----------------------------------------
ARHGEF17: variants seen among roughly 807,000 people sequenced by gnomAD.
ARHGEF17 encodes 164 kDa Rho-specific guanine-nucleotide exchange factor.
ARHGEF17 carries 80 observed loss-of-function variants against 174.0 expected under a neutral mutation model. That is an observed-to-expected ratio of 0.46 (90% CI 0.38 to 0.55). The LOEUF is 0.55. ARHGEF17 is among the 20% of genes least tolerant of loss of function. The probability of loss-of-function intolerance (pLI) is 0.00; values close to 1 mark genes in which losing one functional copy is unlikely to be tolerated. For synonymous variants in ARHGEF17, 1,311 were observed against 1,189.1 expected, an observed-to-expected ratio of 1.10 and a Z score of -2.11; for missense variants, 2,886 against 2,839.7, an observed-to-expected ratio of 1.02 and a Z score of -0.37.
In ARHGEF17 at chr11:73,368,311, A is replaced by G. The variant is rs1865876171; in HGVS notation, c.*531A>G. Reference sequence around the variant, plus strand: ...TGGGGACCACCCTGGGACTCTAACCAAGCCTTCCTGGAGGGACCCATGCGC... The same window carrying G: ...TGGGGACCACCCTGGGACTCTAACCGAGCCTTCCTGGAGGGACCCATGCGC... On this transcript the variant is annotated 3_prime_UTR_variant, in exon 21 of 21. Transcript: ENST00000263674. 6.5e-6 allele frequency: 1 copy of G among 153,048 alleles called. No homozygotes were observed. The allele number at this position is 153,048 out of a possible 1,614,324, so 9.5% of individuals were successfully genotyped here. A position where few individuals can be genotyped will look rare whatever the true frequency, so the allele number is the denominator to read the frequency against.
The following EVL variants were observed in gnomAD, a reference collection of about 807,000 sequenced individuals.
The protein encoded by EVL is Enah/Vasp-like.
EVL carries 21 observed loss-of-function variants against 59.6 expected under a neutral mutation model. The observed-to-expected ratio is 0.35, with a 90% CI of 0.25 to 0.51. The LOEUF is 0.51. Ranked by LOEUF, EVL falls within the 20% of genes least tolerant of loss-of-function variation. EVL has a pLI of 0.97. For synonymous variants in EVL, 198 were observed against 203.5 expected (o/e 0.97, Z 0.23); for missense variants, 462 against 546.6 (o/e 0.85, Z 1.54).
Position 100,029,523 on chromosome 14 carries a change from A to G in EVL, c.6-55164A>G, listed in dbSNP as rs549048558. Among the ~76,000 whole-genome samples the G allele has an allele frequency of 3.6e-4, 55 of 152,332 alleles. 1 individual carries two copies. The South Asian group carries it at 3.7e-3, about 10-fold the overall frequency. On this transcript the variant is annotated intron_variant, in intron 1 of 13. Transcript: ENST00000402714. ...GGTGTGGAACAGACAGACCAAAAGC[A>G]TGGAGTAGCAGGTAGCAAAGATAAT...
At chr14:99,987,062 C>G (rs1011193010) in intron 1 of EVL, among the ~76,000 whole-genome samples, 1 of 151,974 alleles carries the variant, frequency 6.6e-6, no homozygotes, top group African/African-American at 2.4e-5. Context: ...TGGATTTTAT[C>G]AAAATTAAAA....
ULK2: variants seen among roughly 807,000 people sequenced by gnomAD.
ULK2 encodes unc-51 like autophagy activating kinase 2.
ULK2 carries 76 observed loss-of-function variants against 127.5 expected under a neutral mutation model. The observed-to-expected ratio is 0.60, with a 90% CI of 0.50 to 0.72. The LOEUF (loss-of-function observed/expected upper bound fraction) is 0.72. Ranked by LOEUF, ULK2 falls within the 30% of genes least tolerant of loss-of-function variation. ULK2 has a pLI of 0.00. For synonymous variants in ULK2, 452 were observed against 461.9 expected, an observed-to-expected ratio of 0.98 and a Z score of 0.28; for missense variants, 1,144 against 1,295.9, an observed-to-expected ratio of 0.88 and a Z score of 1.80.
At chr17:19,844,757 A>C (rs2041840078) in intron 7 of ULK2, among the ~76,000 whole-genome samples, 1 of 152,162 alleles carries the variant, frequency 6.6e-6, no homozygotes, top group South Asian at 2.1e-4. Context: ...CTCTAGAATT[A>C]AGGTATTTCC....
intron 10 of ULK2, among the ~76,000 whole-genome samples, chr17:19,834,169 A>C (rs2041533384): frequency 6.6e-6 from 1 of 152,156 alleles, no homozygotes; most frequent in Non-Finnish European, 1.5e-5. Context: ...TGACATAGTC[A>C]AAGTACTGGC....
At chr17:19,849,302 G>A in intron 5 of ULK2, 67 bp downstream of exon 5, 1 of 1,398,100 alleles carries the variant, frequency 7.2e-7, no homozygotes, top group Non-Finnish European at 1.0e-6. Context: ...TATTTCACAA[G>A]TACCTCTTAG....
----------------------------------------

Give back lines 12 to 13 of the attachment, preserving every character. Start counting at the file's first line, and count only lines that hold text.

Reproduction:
ULK2 carries 76 observed loss-of-function variants against 127.5 expected under a neutral mutation model. The observed-to-expected ratio is 0.60, with a 90% CI of 0.50 to 0.72. The LOEUF (loss-of-function observed/expected upper bound fraction) is 0.72. Ranked by LOEUF, ULK2 falls within the 30% of genes least tolerant of loss-of-function variation. ULK2 has a pLI of 0.00. For synonymous variants in ULK2, 452 were observed against 461.9 expected, an observed-to-expected ratio of 0.98 and a Z score of 0.28; for missense variants, 1,144 against 1,295.9, an observed-to-expected ratio of 0.88 and a Z score of 1.80.
At chr17:19,844,757 A>C (rs2041840078) in intron 7 of ULK2, among the ~76,000 whole-genome samples, 1 of 152,162 alleles carries the variant, frequency 6.6e-6, no homozygotes, top group South Asian at 2.1e-4. Context: ...CTCTAGAATT[A>C]AGGTATTTCC....